John Hampton| Cloudtweaks
When I say “Cloud Broker”, don’t confuse it with the official definition which is – an agent who assists cloud consumers choose or migrate to single or multiple cloud platforms. There’s a new set of software which sits on top of the Cloud stack and adds value by providing new solutions on the Cloud, migrating enterprise systems along with the data or migrating between different cloud services.
Much like the stock brokers, cloud broker software is acting as an enabler and a catalyst in Cloud adoption. HHS (Health and Human Services Department) recently floated a RFI to determine detailed requirements for Cloud broker software. In this article I will discuss some of the key requirements laid out in the document.
1) Cross cloud provisioning engine
This is the key component. In fact, if you just have this and ignore every other aspect, you’ll have cloud broker software ready to take on serious migrations. This engine should be able to provision server instances across single or multiple cloud platforms – which is ideal for enterprises adopting hybrid-cloud strategy, provides capacity planning and load analysis and most importantly, support data portability and ideally application interoperability. Sounds a lot like software layer running atop PaaS cloud. The engine should also cover key security and privacy aspects.
2) Application Discovery
Should enable discovery of various SaaS applications across different cloud offerings. There has to be a mechanism to control and prioritize application discovery based on the needs of the enterprise.
3) Identity Management
An identity and credential management component which controls access to various cloud services for the consumer. It may ideally provide abstraction to the native identity and access control and management services of the individual cloud providers.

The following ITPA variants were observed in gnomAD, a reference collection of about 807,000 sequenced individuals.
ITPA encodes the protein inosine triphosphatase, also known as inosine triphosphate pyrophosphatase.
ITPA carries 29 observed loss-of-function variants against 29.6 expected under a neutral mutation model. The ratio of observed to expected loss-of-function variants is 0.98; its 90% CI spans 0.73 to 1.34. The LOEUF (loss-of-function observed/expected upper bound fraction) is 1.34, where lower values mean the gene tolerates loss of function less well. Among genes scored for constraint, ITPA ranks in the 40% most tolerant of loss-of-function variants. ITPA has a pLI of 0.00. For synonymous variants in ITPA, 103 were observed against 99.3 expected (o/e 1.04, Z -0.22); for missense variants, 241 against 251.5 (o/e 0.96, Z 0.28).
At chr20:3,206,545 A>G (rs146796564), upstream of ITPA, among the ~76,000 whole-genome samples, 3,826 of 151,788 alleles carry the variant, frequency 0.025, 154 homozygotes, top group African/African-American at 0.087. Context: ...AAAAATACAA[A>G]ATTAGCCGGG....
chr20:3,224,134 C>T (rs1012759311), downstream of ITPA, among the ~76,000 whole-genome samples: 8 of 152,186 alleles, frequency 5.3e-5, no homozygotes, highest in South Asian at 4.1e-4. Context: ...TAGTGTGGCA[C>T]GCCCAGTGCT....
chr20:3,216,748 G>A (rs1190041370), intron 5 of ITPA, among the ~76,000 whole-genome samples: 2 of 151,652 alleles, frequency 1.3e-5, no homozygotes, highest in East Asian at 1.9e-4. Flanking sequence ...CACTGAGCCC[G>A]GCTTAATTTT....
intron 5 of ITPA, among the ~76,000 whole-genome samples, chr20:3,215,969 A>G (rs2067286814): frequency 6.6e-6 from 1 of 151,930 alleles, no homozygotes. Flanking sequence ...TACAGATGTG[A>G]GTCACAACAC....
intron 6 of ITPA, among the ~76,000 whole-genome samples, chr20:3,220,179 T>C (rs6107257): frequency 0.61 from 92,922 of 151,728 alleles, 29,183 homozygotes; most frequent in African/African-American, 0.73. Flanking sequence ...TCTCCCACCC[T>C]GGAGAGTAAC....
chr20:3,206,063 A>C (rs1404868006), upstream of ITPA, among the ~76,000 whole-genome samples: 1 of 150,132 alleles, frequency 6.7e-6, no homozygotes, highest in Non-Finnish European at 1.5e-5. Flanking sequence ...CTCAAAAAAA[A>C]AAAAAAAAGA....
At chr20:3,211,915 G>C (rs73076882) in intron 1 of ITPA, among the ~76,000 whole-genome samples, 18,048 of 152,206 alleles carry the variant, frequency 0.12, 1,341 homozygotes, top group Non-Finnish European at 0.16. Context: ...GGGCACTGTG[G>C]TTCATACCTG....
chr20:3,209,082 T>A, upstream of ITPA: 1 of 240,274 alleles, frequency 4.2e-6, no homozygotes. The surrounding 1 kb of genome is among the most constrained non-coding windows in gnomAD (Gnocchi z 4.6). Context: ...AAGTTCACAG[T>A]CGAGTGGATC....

This is critical to cloud success. Coupled with provisioning engine, the cloud consumer will be able to find the best fit for their enterprise applications and data being served out of the cloud. Cloud broker software should provide a billing system which accurately logs expenditures based on actual usage data across the complete cloud portfolio of an enterprise.
Cloud broker software itself should be offered as a cloud application which can be deployed with any cloud provider. Moreover, it should be extensible so the enterprise can add its own custom components to it.
With the proliferation of cloud providers in all shapes and sizes (PaaS, IaaS and SaaS etc), it’s now crucial to have a standards based platform which eases the process of migration and management of an enterprise’s cloud portfolio. There are several vendors offering cloud broker software for specific verticals. There’s also an Open Source project, CompatibleOne, which aims at building a standards based, cross-cloud provisioning engine.